Analyzing Parametric Statistics
As a practice scholar, you are searching for evidence to translate into practice. In your review of the evidence, you locate a quasi-experimental research study as possible evidence to support a practice change. You notice that the study aims to make a prediction that relates to the correlation between study variables. The study sample size is large and normally distributed. Reflect upon this scenario to address the following.
- In your appraisal of the evidence, you note that an independent variable is not present and that a Spearman’s ranked correlation is used to analyze data. Is this the correct level of correlational analysis? Explain your rationale.
- Are association and correlational analysis equivalent in determining relationships between variables?
- Do these findings impact your decision about whether to use this evidence to inform practice change? Why or why not?
Generalizing the Findings
Generalization extends the implications of the study findings from the sample studied to a larger population. For example, if the study was conducted on diabetic patients, it may be possible to translate the findings to persons with other practice problems or to healthy people.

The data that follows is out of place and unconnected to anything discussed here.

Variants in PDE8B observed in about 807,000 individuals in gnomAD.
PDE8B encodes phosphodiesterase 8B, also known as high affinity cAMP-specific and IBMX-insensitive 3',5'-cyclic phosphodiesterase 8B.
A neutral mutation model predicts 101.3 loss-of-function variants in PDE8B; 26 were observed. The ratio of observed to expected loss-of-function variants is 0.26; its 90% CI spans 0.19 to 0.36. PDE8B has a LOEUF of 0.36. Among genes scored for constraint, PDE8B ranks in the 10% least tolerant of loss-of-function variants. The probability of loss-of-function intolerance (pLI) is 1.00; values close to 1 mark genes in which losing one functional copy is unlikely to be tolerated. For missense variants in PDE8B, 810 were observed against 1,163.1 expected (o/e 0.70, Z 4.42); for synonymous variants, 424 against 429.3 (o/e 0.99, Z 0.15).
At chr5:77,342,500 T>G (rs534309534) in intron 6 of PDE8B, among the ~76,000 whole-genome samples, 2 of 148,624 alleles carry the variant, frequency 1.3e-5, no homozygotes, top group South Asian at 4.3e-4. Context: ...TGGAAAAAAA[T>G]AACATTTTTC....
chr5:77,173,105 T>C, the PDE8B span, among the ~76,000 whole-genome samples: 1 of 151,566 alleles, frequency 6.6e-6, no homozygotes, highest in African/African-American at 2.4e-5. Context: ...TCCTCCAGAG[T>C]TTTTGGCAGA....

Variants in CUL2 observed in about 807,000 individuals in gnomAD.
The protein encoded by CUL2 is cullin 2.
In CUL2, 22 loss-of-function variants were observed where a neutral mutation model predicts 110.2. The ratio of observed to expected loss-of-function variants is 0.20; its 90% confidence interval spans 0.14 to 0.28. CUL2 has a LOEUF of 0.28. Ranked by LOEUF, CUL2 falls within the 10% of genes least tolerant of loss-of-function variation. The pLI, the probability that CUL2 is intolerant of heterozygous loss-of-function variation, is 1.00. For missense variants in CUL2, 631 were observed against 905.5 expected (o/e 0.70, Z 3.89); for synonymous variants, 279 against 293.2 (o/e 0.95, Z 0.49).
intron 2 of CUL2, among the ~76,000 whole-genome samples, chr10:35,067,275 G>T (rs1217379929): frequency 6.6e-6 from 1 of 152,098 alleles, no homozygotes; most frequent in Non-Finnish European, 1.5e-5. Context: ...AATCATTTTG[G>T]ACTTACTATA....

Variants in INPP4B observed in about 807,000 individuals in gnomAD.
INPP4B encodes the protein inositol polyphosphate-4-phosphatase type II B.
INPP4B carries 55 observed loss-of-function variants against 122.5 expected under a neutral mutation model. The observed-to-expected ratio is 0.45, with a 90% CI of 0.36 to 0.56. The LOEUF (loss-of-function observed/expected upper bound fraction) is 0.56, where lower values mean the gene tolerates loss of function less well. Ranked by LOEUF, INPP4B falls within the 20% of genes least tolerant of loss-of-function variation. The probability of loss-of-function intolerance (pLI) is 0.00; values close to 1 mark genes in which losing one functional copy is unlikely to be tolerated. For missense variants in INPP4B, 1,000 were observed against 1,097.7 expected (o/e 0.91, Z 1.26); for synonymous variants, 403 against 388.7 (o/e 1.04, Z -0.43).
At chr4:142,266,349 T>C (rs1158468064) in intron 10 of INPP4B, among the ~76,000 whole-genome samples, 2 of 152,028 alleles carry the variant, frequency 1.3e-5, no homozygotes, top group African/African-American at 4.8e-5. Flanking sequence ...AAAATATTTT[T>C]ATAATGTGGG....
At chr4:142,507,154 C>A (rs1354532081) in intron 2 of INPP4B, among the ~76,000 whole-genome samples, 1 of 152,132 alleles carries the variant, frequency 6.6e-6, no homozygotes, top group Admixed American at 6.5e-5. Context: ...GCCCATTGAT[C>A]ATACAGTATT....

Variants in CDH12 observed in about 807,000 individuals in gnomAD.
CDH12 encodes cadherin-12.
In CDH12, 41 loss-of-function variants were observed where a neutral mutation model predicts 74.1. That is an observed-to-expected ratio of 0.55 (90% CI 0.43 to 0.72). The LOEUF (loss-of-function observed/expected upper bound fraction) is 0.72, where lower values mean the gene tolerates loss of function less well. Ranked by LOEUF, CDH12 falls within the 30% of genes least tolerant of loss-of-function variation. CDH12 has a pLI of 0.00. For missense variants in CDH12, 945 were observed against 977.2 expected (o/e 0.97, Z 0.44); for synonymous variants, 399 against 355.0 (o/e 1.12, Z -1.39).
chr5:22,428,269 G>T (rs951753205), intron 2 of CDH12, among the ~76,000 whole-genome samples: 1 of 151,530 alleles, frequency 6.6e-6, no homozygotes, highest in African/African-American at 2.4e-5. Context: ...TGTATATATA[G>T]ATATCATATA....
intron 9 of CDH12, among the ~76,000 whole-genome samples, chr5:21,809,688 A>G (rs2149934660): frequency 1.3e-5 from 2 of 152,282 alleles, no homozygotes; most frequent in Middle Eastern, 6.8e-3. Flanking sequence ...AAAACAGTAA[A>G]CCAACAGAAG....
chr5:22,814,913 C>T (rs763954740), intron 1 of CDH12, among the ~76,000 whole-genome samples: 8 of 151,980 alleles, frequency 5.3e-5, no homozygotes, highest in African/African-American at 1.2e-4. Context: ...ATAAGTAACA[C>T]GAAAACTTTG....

What factors you need to analyze to generalize a research result?
Use an APA 7 style and a minimum of 250 words. Provide support from a minimum of at least three (3) scholarly sources. The scholarly source needs to be: 1) evidence-based, 2) scholarly in nature, 3) Sources should be no more than five years old (published within the last 5 years), and 4) an in-text citation. citations and references are included when information is summarized/synthesized and/or direct quotes are used, in which APA style standards apply.
• Textbooks are not considered scholarly sources.
• Wikipedia, Wikis, .com website or blogs should not be used.